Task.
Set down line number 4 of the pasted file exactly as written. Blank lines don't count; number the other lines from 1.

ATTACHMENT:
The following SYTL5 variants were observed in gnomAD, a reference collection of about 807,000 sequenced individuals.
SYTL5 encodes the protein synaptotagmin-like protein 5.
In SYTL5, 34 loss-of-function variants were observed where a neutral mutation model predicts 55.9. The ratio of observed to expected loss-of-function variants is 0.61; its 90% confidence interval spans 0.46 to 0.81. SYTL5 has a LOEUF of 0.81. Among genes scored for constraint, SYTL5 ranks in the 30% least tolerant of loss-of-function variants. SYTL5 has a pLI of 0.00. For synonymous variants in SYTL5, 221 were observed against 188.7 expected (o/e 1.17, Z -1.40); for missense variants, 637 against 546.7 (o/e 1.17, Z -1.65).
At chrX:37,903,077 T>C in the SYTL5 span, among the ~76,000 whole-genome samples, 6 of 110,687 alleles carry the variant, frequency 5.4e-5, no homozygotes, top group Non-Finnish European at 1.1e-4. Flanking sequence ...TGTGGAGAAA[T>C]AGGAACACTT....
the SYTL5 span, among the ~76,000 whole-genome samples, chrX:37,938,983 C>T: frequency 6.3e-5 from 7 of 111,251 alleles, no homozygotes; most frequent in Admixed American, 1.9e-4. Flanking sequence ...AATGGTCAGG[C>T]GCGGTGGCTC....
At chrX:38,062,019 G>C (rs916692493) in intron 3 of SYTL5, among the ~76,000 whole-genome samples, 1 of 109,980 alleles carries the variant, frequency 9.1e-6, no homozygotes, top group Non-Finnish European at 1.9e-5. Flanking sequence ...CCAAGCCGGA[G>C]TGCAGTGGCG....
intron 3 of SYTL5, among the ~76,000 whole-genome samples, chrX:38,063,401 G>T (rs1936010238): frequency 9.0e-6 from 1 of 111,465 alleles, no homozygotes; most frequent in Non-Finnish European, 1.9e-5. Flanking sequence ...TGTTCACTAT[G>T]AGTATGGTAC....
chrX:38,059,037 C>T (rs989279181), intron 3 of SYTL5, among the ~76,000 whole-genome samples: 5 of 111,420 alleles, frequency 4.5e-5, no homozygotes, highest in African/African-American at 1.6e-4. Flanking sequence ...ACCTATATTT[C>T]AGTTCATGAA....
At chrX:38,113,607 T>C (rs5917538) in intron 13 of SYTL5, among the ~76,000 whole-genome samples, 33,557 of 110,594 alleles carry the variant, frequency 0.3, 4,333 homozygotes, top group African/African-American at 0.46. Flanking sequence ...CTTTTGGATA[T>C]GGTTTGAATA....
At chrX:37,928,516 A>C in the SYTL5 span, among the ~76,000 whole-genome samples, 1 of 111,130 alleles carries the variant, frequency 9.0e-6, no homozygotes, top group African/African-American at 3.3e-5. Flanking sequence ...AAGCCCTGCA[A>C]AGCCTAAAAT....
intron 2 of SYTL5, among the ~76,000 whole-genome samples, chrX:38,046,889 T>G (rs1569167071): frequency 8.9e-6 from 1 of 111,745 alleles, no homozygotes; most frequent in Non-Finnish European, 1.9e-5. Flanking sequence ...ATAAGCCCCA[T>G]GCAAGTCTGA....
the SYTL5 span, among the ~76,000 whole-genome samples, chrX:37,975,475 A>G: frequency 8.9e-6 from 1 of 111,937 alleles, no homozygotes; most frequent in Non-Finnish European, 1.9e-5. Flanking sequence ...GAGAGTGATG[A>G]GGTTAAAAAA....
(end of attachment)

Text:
At chrX:37,903,077 T>C in the SYTL5 span, among the ~76,000 whole-genome samples, 6 of 110,687 alleles carry the variant, frequency 5.4e-5, no homozygotes, top group Non-Finnish European at 1.1e-4. Flanking sequence ...TGTGGAGAAA[T>C]AGGAACACTT....